Still, they probably are better than if he stayed in the GOP, without Blanco to kick around as a device to make him look better. If the switch happens, it may make the overall Democrat vote look better than otherwise, but it’s hardly more likely to net them a win later this year.


Bill to strip pensions to deter lawbreakers desirable

One bill that didn’t make it into law last year that deserved better was state Sen. Art Lentini’s SB 60 (along with SB 59 although the former was pulled and repackaged as SB 669), which would have denied state pensions to employees convicted of a serious crime. With several allegations and convictions of such crimes among Louisiana public officials this year, the Legislature would be wise to revisit the issue.

There were three main objections to SB 60 last year, which passed committee but was defeated on the Senate floor. One was that families would be punished as well as the miscreant, which prompted some to ask that an “innocent spouse” provision be put into place that would exempt dependents and allow them to receive the pension benefits. However, this could lead to chicanery to avoid the penalty in the form of marriages of convenience. As well, it is unlikely that many minor children would have been affected given that pensions must be drawn later in life.

In addition, we must remember human nature and the theory as to why penalties are escalated on crime – they are to deter. Opponents forget that even human beings that do immoral, calculated things use a process of rationality to decide whether to do it. Thus, any disincentive like this (which can be reinforced by periodic reminders from hiring to retiring assuming, of course, they care about spouse and children) inevitably will reduce the aggregate amount of bad behavior among state employees.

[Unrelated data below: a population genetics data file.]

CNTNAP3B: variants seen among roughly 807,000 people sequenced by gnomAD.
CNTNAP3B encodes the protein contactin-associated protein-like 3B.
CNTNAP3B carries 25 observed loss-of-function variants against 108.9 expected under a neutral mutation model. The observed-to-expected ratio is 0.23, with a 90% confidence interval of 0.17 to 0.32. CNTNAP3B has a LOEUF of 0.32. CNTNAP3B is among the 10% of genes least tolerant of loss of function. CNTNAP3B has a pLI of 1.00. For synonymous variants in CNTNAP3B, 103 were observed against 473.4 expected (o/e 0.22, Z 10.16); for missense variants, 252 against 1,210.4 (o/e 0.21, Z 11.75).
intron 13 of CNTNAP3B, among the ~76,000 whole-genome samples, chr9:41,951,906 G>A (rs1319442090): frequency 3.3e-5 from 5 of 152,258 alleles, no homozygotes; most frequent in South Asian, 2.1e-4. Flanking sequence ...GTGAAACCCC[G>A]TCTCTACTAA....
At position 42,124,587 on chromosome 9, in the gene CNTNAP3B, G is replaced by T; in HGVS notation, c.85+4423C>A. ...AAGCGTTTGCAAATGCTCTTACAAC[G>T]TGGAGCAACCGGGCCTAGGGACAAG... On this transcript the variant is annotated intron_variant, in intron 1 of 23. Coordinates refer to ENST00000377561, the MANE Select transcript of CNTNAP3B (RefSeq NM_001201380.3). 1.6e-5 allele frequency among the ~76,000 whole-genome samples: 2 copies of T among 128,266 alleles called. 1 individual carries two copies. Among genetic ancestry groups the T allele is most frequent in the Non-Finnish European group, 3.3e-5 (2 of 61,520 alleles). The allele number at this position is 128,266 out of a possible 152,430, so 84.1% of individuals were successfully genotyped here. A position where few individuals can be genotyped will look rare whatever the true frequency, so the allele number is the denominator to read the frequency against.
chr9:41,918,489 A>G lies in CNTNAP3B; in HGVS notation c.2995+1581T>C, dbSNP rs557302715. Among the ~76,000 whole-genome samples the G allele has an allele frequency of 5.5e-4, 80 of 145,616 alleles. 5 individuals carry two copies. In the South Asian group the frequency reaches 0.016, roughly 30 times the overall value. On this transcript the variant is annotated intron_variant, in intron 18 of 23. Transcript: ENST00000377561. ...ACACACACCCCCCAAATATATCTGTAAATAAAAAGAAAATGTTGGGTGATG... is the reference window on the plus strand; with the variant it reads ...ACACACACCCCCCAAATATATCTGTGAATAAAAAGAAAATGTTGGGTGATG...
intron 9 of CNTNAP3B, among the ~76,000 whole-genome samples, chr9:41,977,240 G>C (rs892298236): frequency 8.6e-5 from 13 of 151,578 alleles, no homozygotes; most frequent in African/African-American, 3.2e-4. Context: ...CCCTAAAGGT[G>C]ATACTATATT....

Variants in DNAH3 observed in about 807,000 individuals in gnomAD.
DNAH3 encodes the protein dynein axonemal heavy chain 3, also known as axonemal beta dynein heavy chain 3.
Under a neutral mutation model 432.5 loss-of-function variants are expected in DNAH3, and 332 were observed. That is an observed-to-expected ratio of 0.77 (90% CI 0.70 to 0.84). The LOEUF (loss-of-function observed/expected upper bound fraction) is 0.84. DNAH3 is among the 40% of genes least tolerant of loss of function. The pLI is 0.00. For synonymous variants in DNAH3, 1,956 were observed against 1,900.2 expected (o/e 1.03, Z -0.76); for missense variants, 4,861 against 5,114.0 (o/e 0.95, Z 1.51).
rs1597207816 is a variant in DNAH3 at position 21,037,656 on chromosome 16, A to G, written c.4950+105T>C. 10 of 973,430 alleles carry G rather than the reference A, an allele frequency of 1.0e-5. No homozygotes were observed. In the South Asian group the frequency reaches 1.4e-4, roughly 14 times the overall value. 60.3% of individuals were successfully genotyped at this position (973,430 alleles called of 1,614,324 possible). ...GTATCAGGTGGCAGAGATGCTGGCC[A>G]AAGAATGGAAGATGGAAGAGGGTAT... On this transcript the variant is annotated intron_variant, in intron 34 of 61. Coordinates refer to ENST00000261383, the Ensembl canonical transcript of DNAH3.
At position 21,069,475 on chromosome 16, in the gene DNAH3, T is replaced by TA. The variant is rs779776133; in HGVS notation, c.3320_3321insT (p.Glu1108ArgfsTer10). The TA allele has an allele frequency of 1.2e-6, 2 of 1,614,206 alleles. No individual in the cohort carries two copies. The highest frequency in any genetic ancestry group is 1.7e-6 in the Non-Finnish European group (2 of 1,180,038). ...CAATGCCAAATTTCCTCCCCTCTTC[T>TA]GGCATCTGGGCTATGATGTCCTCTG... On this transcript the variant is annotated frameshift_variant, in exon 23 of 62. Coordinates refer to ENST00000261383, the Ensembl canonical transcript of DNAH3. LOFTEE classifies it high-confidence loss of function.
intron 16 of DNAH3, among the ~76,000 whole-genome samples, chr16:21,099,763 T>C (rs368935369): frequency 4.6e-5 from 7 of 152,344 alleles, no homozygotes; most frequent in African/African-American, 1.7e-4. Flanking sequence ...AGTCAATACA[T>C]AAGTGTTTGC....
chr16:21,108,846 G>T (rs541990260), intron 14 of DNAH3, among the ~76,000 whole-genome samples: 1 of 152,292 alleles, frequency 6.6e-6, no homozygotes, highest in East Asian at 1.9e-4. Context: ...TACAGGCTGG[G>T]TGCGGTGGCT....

Another was that prosecution might become more difficult, as guilty defendants in this position would have less incentive to plea since there is more at stake to be lost. But if prosecutors do their homework this shouldn’t be an issue and if they don’t, they can go for a lesser charge. Finally, there is the constitutional issue of whether this would represent an unconstitutional taking of property (money vested into the pension system), but if the law allowed rebate with interest to the guilty of personal contributions, that should not be a problem.

Lentini has said he may try again this year although he sees his opportunities as limited as this would be a general purpose bill which are restricted to five in number this odd-numbered-year session (although if he is on the ball he still has a couple of days to pre-file an unlimited number of general purpose bills). If not him, somebody else should for a positive contribution to ethics laws not only to ensure greater confidence in honesty among elected officials, but among any state employees.


Revise Louisiana law to protect better all schools

As it stands, Louisiana RS 14:95.2 may place university campuses, or any school, in the state in the same jeopardy as suffered by Virginia Tech University yesterday.

This law allows for a campus to be designated “firearm free,” meaning that only state police personnel, security guards, students taking classes using firearms, or students who leave those firearms located in dorm rooms or vehicles may possess them on campus grounds. Further, since concealed weapons face additional restrictions, the presence of them to defend oneself is even less likely in such a zone. This describes a situation similar to that which VTU operated under (which obviously did nothing to deter the shooter).

And that cannot be a consideration absent from the sick mind of those like the VTU suspect. If in their twisted logic they want to exact “revenge” or whatever their crazed motive is for so grossly violating moral and juridical laws, they know that their chances are extremely high of imposing their revolting wishes in an environment that has nobody able to defend himself against his firepower.